Stripping and Rectifying Cascades for Isopropyl Acetate Chemistry
Consider an equimolar feed composed of acetic acid (AA) and isopropanol (IPA). These two components react in the liquid phase to form water and isopropyl acetate (IPOAc). This esterification reaction is: AA + IPA ⇌ O+IPOAC.[more]
This Demonstration plots the trajectory for the stripping and rectifying cascades so that the vapor fraction is always equal to 50% and the Damköhler number, , is identical in all flash vessels. One can conveniently introduce a new dimensionless parameter, , which is equal to a user-set value varying from zero (no reaction and ) to 1 (equilibrium case and ).
It is observed that a pinch point is obtained for large values of the number of flash vessels both for the stripping and rectifying cascades. These two pinch points are pure AA and a quaternary mixture for the stripping and rectifying cascades, respectively.
At very high Damköhler numbers and for a large number of flash vessels, one can verify that the equilibrium case is recovered (i.e., the reaction is almost instantaneous). The composition of the vapor stream that exits the rectifying cascade approaches that of the reactive azeotrope with transformed compositions equal to and , in agreement with values found by Maier and coworkers  (see last snapshot).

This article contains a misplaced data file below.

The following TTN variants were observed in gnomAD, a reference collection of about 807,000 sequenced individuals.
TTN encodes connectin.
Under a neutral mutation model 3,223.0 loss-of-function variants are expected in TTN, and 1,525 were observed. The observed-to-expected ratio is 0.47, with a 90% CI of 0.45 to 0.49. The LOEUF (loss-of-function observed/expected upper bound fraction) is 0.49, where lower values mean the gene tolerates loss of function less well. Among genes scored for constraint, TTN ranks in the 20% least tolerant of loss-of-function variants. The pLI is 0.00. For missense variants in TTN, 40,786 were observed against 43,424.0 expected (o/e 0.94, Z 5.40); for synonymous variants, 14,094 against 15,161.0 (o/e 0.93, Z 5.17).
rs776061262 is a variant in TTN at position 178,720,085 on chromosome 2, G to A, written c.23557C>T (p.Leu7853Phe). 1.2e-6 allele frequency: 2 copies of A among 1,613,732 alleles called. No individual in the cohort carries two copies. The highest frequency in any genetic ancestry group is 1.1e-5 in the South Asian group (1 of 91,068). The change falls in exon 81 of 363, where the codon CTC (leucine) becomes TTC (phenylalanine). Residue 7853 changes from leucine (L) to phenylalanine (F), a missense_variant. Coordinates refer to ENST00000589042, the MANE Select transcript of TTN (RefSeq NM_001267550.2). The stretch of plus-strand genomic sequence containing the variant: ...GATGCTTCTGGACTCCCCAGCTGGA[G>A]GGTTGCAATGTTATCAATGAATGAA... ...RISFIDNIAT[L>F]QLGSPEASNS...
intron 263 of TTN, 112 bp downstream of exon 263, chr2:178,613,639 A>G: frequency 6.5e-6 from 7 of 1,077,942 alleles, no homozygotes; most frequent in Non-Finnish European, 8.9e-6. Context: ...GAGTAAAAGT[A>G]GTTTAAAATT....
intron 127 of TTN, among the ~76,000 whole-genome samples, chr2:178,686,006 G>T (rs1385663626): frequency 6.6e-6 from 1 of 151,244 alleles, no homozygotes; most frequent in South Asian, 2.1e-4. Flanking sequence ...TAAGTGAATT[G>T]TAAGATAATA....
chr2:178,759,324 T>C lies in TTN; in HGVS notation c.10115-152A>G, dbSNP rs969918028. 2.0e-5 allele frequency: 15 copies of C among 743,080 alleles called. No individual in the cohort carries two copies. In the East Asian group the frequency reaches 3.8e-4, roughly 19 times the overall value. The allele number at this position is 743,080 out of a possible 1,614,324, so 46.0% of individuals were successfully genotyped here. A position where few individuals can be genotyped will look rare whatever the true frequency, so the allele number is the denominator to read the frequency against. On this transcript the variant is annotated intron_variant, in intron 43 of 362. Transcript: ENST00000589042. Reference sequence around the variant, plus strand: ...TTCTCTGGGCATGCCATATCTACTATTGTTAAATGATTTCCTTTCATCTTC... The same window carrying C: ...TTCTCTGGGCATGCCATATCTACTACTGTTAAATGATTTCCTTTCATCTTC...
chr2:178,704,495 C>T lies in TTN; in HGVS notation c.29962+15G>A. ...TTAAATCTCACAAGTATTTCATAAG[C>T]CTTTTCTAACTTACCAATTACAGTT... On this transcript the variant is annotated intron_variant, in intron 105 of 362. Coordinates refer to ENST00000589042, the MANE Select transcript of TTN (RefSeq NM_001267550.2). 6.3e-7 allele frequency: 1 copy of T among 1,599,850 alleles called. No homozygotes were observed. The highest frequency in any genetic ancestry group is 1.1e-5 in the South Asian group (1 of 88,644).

This Demonstration shows the set-up with values of the transformed compositions of the vapor stream that exits the rectifying cascade and the transformed compositions of the liquid stream that exits the stripping cascade.
Finally, data tables are provided that give the temperature and the transformed compositions of all vapor streams in the rectifying cascade and all liquid streams in the stripping cascade.
Liquid-phase transformed compositions are related to actual mole fractions by and . Analogous expressions are defined for the vapor-phase transformed compositions.[less]
 R. W. Maier, J. F. Brennecke, and M. Stadtherr, "Reliable Computation of Reactive Azeotropes," Computers and Chemical Engineering, 24(8), 2000 pp. 1851–1858.
For more information, see:
K. Sundmacher and A. Kienle, eds., Reactive Distillation, Status and Future Directions, Weinheim: Wiley-VCH, 2002.